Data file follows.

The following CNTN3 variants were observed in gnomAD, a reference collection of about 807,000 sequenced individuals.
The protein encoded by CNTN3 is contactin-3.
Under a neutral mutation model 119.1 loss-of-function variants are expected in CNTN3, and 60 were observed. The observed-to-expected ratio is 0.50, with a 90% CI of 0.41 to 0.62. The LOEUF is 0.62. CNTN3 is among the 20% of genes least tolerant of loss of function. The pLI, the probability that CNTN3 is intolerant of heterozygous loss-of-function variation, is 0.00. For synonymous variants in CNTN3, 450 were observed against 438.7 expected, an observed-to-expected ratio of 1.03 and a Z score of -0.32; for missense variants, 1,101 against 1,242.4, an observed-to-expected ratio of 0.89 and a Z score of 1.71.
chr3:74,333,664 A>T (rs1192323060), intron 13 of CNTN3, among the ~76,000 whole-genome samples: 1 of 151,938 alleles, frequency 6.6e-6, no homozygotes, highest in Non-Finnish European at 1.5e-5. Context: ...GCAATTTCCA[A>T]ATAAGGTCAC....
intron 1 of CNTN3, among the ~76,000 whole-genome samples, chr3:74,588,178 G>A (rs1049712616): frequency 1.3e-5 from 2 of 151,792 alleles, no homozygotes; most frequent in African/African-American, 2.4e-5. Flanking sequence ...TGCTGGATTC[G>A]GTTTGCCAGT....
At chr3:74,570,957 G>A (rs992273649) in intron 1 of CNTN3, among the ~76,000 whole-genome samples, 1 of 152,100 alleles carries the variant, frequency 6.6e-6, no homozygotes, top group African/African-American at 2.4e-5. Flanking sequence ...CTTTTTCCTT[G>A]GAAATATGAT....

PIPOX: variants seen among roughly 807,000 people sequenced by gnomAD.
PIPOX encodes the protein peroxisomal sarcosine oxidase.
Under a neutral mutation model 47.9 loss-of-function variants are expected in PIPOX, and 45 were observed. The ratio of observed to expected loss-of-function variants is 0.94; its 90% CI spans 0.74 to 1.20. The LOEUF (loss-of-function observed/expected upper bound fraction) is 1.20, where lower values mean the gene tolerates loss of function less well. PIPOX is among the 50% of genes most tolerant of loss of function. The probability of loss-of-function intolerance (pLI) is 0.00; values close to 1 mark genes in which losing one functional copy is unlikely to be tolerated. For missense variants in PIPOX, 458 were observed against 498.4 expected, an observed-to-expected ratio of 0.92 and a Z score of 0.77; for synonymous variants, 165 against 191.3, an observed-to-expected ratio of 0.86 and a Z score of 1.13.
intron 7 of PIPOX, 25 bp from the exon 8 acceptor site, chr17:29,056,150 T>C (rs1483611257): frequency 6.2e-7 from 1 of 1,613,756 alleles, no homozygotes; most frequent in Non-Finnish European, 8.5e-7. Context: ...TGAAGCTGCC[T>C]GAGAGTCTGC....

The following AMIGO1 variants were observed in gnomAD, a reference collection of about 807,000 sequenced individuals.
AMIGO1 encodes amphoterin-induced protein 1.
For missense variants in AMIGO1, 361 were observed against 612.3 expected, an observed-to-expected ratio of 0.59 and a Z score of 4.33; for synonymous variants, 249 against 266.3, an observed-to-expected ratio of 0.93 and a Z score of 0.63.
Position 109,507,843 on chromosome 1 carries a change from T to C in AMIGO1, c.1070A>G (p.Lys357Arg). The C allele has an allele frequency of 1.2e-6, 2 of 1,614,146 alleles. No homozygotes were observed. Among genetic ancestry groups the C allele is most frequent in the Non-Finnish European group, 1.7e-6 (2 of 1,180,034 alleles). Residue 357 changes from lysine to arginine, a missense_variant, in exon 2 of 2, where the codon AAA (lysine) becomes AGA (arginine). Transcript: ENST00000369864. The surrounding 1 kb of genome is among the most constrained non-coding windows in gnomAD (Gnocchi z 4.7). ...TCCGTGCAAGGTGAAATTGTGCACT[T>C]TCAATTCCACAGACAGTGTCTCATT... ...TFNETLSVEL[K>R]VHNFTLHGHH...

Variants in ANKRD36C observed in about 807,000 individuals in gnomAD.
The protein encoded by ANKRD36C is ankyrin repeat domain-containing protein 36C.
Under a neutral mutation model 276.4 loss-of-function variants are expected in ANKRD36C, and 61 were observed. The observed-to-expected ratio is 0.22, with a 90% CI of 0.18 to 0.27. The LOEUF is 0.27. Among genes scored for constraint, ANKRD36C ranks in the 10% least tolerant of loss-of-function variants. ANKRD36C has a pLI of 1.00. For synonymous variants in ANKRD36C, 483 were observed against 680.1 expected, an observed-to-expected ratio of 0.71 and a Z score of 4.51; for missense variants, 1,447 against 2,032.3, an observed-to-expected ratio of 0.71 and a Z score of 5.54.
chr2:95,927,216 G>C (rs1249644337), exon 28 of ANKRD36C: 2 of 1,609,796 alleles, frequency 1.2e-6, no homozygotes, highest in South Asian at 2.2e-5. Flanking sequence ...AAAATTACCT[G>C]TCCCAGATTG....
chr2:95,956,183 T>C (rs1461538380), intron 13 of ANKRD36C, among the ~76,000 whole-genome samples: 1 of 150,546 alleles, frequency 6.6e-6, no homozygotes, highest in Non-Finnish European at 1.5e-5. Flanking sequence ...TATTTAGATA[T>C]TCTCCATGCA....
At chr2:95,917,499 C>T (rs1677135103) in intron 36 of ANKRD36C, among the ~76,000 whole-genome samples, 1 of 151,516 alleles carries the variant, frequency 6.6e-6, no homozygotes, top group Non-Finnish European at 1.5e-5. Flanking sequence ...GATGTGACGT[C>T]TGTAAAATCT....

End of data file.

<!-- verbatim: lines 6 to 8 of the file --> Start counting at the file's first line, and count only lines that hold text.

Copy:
At chr3:74,570,957 G>A (rs992273649) in intron 1 of CNTN3, among the ~76,000 whole-genome samples, 1 of 152,100 alleles carries the variant, frequency 6.6e-6, no homozygotes, top group African/African-American at 2.4e-5. Flanking sequence ...CTTTTTCCTT[G>A]GAAATATGAT....

PIPOX: variants seen among roughly 807,000 people sequenced by gnomAD.
PIPOX encodes the protein peroxisomal sarcosine oxidase.